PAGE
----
How 'La La Land' captured the hearts of men - but left me cold with its patronising mansplaining
Well, it's official. 'La La Land' has won the Baftas, the Golden Globes - all that's left is the Oscars, where it's up for a record-equalling 14 awards. It is indisputably the film sensation of the year. Critics love it! Audiences love it! Your dad loves it! It's been hailed as a "classic of the future" and earned five-star reviews across the globe (including in this newspaper).
With those endorsements ringing in my ears, I expected to leave the cinema breathless and bedazzled. But as the film wound down to its final moments, I wondered why I didn't feel like I was waltzing in the stars at the Griffith Observatory. Zoning out during Emma Stone's deeply underwhelming 'Audition' song, I heard the distinct sound of muffled weeping, and realised the teary audience members surrounding me were all men.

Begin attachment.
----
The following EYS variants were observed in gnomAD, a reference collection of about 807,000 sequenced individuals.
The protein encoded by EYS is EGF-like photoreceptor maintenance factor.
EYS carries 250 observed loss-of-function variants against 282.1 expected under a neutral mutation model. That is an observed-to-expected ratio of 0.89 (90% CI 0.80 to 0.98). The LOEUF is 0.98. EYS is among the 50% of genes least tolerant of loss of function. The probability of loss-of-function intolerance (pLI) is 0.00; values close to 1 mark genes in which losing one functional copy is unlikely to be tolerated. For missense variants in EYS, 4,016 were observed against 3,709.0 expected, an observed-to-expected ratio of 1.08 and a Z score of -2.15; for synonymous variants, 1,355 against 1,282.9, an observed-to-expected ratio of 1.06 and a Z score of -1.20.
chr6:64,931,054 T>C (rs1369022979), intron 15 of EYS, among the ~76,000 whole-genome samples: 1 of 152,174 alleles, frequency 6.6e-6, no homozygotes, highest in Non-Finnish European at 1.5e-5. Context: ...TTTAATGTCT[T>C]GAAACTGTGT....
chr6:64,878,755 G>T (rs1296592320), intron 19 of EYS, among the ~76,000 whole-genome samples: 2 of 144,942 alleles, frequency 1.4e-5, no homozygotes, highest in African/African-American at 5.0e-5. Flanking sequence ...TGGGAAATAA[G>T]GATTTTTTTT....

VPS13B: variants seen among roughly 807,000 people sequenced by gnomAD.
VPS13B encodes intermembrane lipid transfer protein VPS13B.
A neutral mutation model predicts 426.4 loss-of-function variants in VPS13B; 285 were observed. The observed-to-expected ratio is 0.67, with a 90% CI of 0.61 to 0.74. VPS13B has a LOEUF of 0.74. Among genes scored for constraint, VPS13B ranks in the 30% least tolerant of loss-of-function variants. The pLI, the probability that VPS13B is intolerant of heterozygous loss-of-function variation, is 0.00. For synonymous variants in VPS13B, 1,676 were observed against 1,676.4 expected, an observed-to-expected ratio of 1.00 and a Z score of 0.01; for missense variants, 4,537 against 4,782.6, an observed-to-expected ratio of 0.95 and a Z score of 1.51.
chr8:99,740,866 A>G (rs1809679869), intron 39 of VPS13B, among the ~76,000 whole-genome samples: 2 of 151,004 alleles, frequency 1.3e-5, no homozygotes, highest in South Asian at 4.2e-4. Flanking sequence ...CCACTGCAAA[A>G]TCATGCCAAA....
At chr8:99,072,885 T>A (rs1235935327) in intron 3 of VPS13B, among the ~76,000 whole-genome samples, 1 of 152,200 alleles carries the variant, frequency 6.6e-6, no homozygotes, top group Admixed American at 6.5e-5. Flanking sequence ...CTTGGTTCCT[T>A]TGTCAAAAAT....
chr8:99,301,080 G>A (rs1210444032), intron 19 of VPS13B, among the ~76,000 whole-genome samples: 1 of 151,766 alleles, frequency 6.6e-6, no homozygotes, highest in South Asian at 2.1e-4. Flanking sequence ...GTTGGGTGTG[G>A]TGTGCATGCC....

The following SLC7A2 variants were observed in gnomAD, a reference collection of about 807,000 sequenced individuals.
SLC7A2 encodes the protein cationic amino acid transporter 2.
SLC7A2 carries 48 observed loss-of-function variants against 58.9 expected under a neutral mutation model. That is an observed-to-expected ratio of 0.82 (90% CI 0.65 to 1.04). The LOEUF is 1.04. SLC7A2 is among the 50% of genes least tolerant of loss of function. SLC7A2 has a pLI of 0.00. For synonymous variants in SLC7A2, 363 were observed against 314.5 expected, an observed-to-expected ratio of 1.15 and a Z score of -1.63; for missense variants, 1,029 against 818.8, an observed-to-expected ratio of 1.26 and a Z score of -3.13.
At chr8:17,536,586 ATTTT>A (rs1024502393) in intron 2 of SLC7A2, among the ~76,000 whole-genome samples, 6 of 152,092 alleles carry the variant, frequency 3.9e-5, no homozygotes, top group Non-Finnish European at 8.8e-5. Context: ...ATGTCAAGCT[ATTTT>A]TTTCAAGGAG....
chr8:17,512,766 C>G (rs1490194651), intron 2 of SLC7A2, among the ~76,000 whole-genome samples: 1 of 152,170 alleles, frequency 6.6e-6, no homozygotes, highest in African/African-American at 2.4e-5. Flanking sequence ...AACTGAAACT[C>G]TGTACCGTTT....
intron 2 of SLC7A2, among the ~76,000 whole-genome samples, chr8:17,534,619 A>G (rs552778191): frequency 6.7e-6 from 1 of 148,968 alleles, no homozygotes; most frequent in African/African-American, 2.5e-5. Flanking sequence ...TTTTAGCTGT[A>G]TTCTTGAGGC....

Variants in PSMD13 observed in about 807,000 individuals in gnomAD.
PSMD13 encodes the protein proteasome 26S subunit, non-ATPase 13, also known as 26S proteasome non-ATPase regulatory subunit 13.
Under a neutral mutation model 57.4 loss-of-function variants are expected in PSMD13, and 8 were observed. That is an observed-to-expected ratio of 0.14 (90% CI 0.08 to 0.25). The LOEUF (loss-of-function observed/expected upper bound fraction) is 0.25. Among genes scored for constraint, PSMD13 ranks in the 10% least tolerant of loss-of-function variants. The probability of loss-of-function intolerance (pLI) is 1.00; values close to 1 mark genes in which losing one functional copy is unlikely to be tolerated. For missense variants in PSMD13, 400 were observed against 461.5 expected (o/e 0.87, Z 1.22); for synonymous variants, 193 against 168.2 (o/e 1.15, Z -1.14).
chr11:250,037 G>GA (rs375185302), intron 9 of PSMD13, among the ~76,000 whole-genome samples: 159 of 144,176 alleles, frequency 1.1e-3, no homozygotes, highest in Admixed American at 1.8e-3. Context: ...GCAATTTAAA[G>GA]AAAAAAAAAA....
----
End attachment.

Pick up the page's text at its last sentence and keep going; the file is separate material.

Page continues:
'La La Land' is a gorgeous film, with some delightful set pieces, but for some reason it has struck a powerful cord with men - straight, white men in particular. How has this pleasant escapist musical captured these poor blokes' hearts so fully that they are declaring it the most extraordinary work of the last year, nay, the last decade?